Effect of tetanic myocardial contraction on coronary pressure-flow relationships

J. Z. Livingston, J. R. Resar, F. C.P. Yin

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11 Scopus citations


Cardiac contraction causes a decrease in coronary flow. Despite many studies, it is still not clear what mechanism or mechanisms are responsible for this flow decrease. The phasic nature of myocardial contraction and the complexities intrinsic to intact heart preparations make it difficult to elucidate the mechanisms. We therefore studied coronary pressure-flow relationships during steady-state (tetanic) contractions in the maximally vasodilated isolated canine interventricular septum to see whether waterfall- type behavior is present. Using ryanodine and electrical stimulation allowed the production of reproducible and reversible tetani. This preparation minimizes the difficulties associated with transmural variations and also the effects of intramyocardial capacitance. Two separate protocols were performed to delineate the pressure-flow relationships in the passive and tetanized states. The first compared diastolic and tetanized pressure-flow relationships. In the second protocol, 2,3-butanedione monoxime was added to obtain an intermediate contractile level, thus allowing the comparison of two contractile states. Both the diastolic and tetanized pressure-flow relationships were curvilinear in the low-pressure range. Linear and nonlinear fits to the data showed that the primary effect of contraction was a shift of the pressure-flow relationships to higher pressures at a given flow. This effect was graded by the level of contractility and was independent of developed stress. Although other mechanisms may also be operative, these results support the presence of waterfall behavior in the coronary vascular bed.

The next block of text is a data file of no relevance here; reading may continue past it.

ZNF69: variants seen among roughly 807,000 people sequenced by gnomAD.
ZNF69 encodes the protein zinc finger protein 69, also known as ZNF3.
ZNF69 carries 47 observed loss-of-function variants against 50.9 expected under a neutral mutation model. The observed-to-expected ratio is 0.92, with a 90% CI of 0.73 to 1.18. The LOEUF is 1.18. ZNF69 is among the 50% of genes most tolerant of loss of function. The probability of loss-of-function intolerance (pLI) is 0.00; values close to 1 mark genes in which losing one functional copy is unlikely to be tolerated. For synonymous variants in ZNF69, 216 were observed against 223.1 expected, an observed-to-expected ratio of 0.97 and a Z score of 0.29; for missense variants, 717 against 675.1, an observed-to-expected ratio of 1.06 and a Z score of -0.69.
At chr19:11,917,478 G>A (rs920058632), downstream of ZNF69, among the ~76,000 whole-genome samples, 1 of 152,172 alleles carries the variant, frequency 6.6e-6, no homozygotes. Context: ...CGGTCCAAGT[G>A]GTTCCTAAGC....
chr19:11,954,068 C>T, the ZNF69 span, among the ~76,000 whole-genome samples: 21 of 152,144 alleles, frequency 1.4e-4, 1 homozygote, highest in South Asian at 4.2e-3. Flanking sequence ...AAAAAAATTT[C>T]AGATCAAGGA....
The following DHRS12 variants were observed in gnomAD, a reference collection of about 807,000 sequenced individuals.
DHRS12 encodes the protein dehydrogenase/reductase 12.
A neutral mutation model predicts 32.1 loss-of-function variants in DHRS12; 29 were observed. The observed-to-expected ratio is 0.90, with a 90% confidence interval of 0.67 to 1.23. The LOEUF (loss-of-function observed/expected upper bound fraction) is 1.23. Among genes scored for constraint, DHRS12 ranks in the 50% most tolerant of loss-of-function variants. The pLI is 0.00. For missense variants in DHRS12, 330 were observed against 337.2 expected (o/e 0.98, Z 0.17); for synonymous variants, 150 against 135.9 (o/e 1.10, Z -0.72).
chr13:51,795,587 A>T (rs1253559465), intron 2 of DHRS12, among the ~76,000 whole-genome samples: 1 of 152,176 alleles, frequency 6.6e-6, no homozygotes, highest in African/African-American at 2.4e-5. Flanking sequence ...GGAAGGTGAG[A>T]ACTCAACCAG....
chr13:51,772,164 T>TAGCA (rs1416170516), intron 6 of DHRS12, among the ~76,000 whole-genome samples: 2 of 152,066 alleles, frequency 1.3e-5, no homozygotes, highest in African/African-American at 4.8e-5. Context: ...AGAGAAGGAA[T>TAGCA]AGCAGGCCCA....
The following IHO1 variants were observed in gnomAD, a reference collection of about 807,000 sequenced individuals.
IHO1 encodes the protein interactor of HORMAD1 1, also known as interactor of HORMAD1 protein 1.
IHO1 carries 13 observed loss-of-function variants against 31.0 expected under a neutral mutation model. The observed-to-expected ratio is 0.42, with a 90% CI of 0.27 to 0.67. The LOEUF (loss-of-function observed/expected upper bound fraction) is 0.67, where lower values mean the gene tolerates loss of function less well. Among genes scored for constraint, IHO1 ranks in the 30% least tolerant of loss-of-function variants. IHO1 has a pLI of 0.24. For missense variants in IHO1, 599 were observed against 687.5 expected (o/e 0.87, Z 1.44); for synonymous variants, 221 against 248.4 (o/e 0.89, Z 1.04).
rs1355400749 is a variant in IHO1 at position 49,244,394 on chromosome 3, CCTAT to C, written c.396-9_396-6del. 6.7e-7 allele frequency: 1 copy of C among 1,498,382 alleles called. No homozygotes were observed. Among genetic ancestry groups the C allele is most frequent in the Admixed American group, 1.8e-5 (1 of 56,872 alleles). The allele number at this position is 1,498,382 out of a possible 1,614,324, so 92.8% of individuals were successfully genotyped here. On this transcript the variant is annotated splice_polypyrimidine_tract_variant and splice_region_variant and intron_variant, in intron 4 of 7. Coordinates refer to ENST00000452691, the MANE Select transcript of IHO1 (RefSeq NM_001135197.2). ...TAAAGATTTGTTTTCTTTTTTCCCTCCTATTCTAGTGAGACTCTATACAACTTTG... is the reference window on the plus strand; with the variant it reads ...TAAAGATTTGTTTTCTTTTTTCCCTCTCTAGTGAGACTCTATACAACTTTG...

Original languageEnglish (US)
Pages (from-to)H1215-H1226
JournalAmerican Journal of Physiology - Heart and Circulatory Physiology
Issue number4 34-4
StatePublished - 1993


  • coronary circulation
  • ryanodine
  • systole
  • tetanus

ASJC Scopus subject areas

  • Physiology
  • Cardiology and Cardiovascular Medicine
  • Physiology (medical)


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